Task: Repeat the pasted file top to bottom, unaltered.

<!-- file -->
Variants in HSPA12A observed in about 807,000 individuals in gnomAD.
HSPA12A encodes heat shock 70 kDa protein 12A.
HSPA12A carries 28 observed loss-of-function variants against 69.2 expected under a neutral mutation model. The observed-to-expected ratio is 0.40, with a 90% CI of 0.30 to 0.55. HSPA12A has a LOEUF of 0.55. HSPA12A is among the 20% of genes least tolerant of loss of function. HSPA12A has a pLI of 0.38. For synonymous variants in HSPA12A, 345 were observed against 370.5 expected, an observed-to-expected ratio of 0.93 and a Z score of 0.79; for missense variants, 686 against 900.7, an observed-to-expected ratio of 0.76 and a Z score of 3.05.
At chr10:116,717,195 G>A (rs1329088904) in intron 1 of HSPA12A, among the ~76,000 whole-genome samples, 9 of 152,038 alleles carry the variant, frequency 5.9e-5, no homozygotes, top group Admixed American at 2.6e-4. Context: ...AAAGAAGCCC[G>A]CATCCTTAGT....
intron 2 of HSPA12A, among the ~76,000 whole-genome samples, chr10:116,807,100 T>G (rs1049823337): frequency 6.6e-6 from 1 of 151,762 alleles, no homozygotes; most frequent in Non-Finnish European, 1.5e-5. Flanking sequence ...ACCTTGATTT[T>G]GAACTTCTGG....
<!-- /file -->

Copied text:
Variants in HSPA12A observed in about 807,000 individuals in gnomAD.
HSPA12A encodes heat shock 70 kDa protein 12A.
HSPA12A carries 28 observed loss-of-function variants against 69.2 expected under a neutral mutation model. The observed-to-expected ratio is 0.40, with a 90% CI of 0.30 to 0.55. HSPA12A has a LOEUF of 0.55. HSPA12A is among the 20% of genes least tolerant of loss of function. HSPA12A has a pLI of 0.38. For synonymous variants in HSPA12A, 345 were observed against 370.5 expected, an observed-to-expected ratio of 0.93 and a Z score of 0.79; for missense variants, 686 against 900.7, an observed-to-expected ratio of 0.76 and a Z score of 3.05.
At chr10:116,717,195 G>A (rs1329088904) in intron 1 of HSPA12A, among the ~76,000 whole-genome samples, 9 of 152,038 alleles carry the variant, frequency 5.9e-5, no homozygotes, top group Admixed American at 2.6e-4. Context: ...AAAGAAGCCC[G>A]CATCCTTAGT....
intron 2 of HSPA12A, among the ~76,000 whole-genome samples, chr10:116,807,100 T>G (rs1049823337): frequency 6.6e-6 from 1 of 151,762 alleles, no homozygotes; most frequent in Non-Finnish European, 1.5e-5. Flanking sequence ...ACCTTGATTT[T>G]GAACTTCTGG....